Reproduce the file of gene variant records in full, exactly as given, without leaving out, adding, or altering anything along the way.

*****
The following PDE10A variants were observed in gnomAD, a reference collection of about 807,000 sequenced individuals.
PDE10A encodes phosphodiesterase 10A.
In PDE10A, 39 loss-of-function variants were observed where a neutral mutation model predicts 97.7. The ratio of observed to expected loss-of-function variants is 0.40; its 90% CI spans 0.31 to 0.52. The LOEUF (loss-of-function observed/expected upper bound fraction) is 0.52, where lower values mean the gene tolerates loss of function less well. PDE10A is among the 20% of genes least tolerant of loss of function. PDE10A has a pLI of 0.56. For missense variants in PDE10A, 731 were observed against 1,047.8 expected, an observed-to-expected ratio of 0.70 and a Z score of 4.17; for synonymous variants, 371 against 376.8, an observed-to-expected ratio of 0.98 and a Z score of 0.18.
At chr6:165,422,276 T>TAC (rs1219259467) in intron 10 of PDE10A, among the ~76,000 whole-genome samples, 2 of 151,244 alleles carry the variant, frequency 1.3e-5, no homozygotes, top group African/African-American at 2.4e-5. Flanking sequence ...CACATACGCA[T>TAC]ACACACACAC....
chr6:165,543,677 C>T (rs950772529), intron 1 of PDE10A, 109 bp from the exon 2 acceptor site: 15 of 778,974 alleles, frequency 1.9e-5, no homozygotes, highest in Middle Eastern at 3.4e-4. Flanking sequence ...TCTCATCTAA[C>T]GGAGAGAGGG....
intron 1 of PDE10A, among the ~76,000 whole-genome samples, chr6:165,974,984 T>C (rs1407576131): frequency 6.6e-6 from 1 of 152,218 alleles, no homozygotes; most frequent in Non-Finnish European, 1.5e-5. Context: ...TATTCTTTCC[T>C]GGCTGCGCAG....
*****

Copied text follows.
The following PDE10A variants were observed in gnomAD, a reference collection of about 807,000 sequenced individuals.
PDE10A encodes phosphodiesterase 10A.
In PDE10A, 39 loss-of-function variants were observed where a neutral mutation model predicts 97.7. The ratio of observed to expected loss-of-function variants is 0.40; its 90% CI spans 0.31 to 0.52. The LOEUF (loss-of-function observed/expected upper bound fraction) is 0.52, where lower values mean the gene tolerates loss of function less well. PDE10A is among the 20% of genes least tolerant of loss of function. PDE10A has a pLI of 0.56. For missense variants in PDE10A, 731 were observed against 1,047.8 expected, an observed-to-expected ratio of 0.70 and a Z score of 4.17; for synonymous variants, 371 against 376.8, an observed-to-expected ratio of 0.98 and a Z score of 0.18.
At chr6:165,422,276 T>TAC (rs1219259467) in intron 10 of PDE10A, among the ~76,000 whole-genome samples, 2 of 151,244 alleles carry the variant, frequency 1.3e-5, no homozygotes, top group African/African-American at 2.4e-5. Flanking sequence ...CACATACGCA[T>TAC]ACACACACAC....
chr6:165,543,677 C>T (rs950772529), intron 1 of PDE10A, 109 bp from the exon 2 acceptor site: 15 of 778,974 alleles, frequency 1.9e-5, no homozygotes, highest in Middle Eastern at 3.4e-4. Flanking sequence ...TCTCATCTAA[C>T]GGAGAGAGGG....
intron 1 of PDE10A, among the ~76,000 whole-genome samples, chr6:165,974,984 T>C (rs1407576131): frequency 6.6e-6 from 1 of 152,218 alleles, no homozygotes; most frequent in Non-Finnish European, 1.5e-5. Context: ...TATTCTTTCC[T>C]GGCTGCGCAG....